History of Our Parish

Humble Beginnings

The parish of St. Mary of the Assumption had its formal beginning in June of 1852 when a congregation of Catholics gathered at the Brookline Lyceum Hall to attend the first public Mass.  The parish was created under the direction of Bishop John B. Fitzpatrick, the third bishop of Boston.  The Lyceum Hall, located on the Boston-Worcester Road (Route 9 - Boylston Street), had formerly served as an inn under the name of the Punch Bowl Tavern.  The number of Catholics in Brookline during that time was very small.  The parish was separated from St. Joseph's Parish in Roxbury and included an area of Boston known as Brighton.

Growing Through Change

While services were being held in the Lyceum Hall for almost a year and a half, the first church building was started on Andem Place, a site once owned by heirs of Reverend John Cotton, the second minister of the First Church of Boston.  On Christmas Day 1853, the first Mass was celebrated in the new church, which was a frame structure that seated approximately seven hundred people.

St. Mary Exterior

In 1873 Reverend Lawrence J. Morris became pastor and almost immediately his major work involved erecting the present church of St. Mary of the Assumption.  Two months after his arrival, he purchased 57,000 square feet of the Homer Estate which fronted on Harvard Street.  However, when an adjoining lot situated at the corner of Harvard Street and Linden Place was offered for sale Fr. Morris realized that this would be a much better site for the church.  Fr. Morris purchased the land and construction began on the church in 1880.  The building was finished in 1886 and was dedicated on Sunday, August 22, by Archbishop Williams.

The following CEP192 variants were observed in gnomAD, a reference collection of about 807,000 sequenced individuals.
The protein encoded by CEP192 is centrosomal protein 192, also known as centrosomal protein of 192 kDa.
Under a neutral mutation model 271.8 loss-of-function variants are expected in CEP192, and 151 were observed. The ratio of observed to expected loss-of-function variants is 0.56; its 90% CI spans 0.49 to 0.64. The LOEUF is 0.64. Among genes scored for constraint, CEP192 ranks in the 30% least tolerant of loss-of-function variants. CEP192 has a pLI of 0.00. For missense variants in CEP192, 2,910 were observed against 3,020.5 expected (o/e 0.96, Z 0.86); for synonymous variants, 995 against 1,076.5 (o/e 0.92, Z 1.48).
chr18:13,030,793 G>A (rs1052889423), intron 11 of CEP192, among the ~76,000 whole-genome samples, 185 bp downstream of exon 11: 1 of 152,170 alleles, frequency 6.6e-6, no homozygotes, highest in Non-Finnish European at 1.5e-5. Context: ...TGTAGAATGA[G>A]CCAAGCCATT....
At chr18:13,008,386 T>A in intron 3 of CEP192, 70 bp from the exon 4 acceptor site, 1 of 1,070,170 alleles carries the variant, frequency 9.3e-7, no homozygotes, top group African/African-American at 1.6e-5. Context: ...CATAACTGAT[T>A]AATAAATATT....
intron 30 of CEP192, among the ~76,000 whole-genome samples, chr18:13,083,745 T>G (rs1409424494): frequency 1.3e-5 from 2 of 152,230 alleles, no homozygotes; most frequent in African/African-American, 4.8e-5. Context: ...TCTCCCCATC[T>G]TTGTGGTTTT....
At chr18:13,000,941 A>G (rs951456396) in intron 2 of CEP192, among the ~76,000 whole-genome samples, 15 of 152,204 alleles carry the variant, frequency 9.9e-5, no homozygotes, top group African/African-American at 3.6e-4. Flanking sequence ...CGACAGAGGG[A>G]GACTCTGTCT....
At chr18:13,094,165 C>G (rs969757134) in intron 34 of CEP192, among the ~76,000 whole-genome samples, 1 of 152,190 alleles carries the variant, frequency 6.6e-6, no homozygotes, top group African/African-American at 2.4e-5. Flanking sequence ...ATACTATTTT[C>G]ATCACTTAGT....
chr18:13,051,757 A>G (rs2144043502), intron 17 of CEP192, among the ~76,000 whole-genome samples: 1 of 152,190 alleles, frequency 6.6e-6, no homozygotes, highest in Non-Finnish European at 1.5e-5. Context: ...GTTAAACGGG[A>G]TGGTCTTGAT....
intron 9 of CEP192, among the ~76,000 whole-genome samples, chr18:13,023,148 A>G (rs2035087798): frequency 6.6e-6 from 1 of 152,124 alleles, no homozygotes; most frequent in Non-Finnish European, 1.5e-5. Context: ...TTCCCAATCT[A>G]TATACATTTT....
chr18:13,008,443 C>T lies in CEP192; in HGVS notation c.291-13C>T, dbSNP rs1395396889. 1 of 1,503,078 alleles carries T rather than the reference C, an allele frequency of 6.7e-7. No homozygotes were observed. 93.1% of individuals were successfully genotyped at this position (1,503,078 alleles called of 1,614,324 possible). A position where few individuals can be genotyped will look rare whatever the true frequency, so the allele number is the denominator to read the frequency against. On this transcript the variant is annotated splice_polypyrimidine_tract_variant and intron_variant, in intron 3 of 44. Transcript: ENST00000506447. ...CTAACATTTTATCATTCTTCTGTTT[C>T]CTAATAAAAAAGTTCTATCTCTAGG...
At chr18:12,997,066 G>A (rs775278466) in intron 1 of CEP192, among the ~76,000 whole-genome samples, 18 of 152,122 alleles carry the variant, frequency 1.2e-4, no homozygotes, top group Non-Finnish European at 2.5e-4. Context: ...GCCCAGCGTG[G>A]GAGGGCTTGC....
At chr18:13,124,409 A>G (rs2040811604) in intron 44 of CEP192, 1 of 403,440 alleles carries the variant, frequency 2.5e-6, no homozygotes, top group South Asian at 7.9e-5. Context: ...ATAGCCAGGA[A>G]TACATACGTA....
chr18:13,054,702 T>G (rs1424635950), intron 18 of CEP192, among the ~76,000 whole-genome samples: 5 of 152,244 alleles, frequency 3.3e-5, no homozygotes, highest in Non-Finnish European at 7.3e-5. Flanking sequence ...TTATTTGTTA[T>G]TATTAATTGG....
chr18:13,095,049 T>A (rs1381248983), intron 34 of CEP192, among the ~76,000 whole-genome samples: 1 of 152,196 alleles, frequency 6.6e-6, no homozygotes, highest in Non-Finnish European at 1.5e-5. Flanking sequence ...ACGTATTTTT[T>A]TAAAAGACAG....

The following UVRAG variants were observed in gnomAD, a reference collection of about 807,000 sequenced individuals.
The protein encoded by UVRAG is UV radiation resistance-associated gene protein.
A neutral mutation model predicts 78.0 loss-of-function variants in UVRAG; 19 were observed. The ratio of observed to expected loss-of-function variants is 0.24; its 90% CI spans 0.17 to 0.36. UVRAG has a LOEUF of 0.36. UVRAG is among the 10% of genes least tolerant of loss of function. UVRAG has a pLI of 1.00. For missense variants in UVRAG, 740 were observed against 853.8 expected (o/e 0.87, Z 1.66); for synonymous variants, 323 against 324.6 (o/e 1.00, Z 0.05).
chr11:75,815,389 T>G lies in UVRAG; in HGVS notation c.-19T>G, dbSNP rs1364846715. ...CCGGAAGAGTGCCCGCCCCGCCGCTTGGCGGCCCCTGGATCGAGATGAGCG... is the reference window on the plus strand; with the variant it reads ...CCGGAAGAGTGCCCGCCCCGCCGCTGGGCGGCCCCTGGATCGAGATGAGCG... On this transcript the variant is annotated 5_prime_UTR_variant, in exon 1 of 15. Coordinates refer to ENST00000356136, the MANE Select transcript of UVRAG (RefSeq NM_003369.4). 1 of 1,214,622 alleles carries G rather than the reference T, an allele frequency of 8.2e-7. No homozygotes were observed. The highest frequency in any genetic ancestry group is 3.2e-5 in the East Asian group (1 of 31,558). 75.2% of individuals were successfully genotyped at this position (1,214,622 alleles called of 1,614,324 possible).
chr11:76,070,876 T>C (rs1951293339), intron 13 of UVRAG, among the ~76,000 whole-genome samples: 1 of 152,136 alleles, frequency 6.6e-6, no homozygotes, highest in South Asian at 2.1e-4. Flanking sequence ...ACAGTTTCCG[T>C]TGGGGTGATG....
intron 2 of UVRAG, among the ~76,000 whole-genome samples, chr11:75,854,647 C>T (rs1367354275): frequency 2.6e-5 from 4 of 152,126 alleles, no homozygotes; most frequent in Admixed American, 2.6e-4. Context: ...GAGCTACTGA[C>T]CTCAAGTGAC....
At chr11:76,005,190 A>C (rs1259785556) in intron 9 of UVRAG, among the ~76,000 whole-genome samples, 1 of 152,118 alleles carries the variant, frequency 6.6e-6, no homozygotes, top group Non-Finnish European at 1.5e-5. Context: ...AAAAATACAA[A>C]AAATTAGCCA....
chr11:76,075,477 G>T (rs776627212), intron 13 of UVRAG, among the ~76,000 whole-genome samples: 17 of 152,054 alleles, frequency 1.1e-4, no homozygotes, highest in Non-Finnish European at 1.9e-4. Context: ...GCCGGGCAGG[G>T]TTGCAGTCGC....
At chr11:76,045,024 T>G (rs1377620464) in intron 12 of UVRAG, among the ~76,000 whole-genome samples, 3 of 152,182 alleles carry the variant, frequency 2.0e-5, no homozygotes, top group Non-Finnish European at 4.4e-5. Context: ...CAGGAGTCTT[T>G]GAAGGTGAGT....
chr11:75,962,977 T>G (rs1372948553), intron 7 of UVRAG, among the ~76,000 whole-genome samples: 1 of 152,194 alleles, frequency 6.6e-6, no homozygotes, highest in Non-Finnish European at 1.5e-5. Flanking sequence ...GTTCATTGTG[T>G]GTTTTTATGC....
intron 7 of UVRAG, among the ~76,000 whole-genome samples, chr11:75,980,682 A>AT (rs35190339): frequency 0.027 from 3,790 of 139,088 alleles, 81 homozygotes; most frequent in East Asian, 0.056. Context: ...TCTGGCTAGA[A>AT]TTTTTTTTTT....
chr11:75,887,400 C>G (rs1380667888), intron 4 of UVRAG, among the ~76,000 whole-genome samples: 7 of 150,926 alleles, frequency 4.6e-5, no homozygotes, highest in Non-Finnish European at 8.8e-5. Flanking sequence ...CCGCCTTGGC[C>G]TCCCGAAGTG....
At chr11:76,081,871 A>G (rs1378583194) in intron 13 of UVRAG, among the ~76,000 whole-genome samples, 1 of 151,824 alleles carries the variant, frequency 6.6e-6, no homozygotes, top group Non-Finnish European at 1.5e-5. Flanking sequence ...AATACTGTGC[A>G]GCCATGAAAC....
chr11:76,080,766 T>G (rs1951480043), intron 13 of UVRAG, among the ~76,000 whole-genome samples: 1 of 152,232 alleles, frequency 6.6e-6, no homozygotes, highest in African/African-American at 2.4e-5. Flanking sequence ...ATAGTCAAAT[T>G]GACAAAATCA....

St. Mary Aisle and Altar
St. Lawrence Exterior

When St. Lawrence Parish, in the western part of Brookline, was carved out of St. Mary Parish, Fr. Morris erected the attractive wood-stone church on Boylston Street and named it in honor of St. Lawrence, his own patron saint.  It was opened on May 2, 1897 and Reverend Thomas F. McManus was named pastor of the new parish on December 23, 1897.  In the early 2000s, St. Lawrence was slated to be closed in late 2004.  However, it was eventually decided to keep the church open as a second worship site of a large parish.  In June 2005, St. Lawrence Church was reopened as part of St. Mary of the Assumption Parish.  

St. Lawrence Interior
St. Mary School Exterior

In July of 1899, Fr. Morris asked the Sisters of Notre Dame de Namur to come to St. Mary's to start a grammar school.  The Sisters accepted the invitation and sent five sisters.  There was no convent or school building on the grounds at the time so they began in the basement of a parish building.  Soon Fr. Morris had the convent erected.  Some of the space in the convent was used to house the school until the present building came into use in September of 1907. 

Looking to the Future

Today the Archdiocese of Boston has issued a call to evangelization and the parish of St. Mary of the Assumption was chosen to be a part of the first phase of Disciples in Mission -- a project that seeks to revitalize the lives of all followers of Jesus Christ to be fully engaged members of parish life.  

"The Pastoral Plan [Disciples in Mission] … seeks to revitalize the Church in Boston by positioning our parishes more solidly for the task of evangelization, the work of reaching out to our brothers and sisters and drawing them more fully to Christ Jesus." - DISCIPLES IN MISSION:  A Pastoral Plan for the Archdiocese of Boston 

St. Mary + St. Lawrence Exteriors